GREENSBORO, N.C. — Last week 2 Wants To Know told you about Delta 8, the legal version of THC in North Carolina. More than 100,000 people have reacted to the story so far. Some are writing in wanting to know more, so let's Dig In 2 your top questions.
Nancy asked: Is Delta 8 legal everywhere or just in North Carolina?
When former President Donald Trump signed the 2018 Farm Bill it removed Hemp plants with less than .3 percent THC from the list of schedule 1 drugs. That left regulation of Delta 8 up to the states. According to CBD Thinker, Delta 8 has been banned in 14 states, mostly places where marijuana is legal like Washington state and Nevada. Lawmakers there said they didn't want unregulated Delta 8 to be purchased over their regulated marijuana industry. North Carolina lawmakers discussed it, but could never come to an agreement.
“In North Carolina, we just don’t have any guidance, statutory or case law wise," said UNC School of Government’s Phil Dixon. "In absence of more specific guidance, it appears to me this stuff is legal under federal law.”
Frank asked: If it's legal, how much money is the state making off Delta 8?
North Carolina doesn't track money that comes in just from Delta 8 sales, but for an example, at Hemp House on West Market in Greensboro: They say they are a small store and still pay more than $2,000 in sales taxes every month. That's one of at least nine stores in Greensboro dedicated to selling Delta 8.
Mark asked: Is Delta 8 addictive?
Here's what Stephan Bernard who's been in the cannabis industry for 15 years says: "It's true, with repetition, you can become addicted to just about anything. In the same sense, you could become addicted to eating. Then, I guess, but it's not going to have a strong chemical dependence like most controlled substances."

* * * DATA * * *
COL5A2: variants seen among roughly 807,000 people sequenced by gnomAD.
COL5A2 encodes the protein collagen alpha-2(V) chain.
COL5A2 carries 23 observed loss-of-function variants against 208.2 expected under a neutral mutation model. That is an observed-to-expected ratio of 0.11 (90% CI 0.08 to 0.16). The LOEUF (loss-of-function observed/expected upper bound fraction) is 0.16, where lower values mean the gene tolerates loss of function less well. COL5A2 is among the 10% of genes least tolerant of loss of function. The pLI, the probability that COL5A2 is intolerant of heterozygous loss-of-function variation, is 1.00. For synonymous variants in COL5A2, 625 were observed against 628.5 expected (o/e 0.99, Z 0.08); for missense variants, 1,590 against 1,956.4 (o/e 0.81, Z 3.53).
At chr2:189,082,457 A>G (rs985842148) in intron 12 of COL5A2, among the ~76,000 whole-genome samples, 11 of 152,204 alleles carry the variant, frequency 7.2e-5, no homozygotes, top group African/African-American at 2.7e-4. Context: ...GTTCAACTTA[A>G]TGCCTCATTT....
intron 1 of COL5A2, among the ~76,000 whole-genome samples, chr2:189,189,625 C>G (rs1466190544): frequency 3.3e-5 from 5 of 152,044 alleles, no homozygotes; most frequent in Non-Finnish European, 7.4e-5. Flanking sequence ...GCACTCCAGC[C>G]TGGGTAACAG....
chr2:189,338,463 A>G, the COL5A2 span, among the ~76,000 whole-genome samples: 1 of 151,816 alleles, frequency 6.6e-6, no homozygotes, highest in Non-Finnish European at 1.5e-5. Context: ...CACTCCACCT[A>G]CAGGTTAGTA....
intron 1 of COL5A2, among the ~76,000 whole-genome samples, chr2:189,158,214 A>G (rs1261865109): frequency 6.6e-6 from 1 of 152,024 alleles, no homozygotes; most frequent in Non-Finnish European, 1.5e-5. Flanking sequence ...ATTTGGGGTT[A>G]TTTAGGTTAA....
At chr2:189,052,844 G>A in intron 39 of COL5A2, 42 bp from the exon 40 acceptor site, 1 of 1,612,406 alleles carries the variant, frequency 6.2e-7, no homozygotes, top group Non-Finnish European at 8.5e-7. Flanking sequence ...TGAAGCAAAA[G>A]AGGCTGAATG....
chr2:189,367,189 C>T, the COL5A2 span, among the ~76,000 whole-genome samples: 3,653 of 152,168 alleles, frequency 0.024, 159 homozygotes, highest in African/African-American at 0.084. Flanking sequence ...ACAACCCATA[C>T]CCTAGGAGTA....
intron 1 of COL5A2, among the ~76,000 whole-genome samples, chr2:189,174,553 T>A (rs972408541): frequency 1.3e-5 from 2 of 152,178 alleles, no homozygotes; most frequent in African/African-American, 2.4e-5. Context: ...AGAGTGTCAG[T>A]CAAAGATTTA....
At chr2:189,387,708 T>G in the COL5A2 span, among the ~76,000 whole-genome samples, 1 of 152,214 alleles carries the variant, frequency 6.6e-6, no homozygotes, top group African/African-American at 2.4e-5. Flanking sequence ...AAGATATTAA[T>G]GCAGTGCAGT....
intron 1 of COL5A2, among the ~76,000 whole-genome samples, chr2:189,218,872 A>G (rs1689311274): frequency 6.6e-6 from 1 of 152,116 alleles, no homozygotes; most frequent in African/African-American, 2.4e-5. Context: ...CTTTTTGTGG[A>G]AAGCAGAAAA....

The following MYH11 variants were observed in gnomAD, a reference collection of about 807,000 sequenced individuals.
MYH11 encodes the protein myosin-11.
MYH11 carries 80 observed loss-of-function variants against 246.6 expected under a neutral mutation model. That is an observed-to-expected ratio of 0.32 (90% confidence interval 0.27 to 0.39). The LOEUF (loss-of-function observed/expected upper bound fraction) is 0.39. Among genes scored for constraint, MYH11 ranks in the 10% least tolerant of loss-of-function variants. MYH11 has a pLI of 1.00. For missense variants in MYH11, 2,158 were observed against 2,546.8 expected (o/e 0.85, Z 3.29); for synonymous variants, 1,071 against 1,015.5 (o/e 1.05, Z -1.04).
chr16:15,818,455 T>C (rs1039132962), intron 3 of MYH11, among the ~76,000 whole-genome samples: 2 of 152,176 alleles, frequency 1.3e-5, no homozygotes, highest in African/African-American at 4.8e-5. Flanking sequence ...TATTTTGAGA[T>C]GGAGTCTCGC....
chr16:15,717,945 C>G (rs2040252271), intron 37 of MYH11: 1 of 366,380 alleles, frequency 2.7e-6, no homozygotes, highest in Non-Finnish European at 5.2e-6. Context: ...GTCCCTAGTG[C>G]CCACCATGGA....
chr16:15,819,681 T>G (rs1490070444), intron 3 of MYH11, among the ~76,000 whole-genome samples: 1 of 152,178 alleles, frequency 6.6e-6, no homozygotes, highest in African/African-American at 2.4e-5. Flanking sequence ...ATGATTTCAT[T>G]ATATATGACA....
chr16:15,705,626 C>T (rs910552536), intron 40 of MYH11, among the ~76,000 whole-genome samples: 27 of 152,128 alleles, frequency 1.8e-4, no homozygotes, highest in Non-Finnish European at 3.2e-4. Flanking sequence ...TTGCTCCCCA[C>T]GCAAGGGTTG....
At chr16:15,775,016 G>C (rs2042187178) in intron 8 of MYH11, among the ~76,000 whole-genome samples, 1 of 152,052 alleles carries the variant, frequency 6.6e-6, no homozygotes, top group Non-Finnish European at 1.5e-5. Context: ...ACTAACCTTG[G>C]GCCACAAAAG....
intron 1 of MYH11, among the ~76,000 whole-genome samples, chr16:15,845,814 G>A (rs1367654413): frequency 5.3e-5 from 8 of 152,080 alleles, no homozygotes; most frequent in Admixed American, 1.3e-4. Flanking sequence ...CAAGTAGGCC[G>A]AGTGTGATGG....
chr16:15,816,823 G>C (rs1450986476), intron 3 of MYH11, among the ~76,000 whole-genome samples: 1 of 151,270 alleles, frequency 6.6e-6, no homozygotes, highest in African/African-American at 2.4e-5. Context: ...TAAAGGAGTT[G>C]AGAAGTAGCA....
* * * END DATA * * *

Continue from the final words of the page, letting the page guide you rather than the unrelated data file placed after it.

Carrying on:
According to the Carolina Center for Recovery, "all substances that change the way people feel are addictive, including Delta-8 THC. With that said, it may take longer for addiction to develop and a person's withdrawal may be less severe compared to other more dangerous drugs like opioids or methamphetamine."
The site lists the side effects of THC addiction as:
- Continuing to use THC or Delta-8 to avoid withdrawal symptoms
- Needing to increase the dose consumed to feel high
- Struggling to focus, sleep, or eat unless high
- Spending excess time and money on the drug
- Mental preoccupation with delta-8 THC use
- Planning work and social activities around drug use
- Lying to friends and family about substance use
- Having mental cravings for delta-8
- Continuing to use delta-8 despite worsening problems at school, home, work, or with one’s health
- Inability to control one’s use or cut back on the amount used
According to their website, "Anyone who relates to two or more of the above-listed symptoms may have a substance use disorder."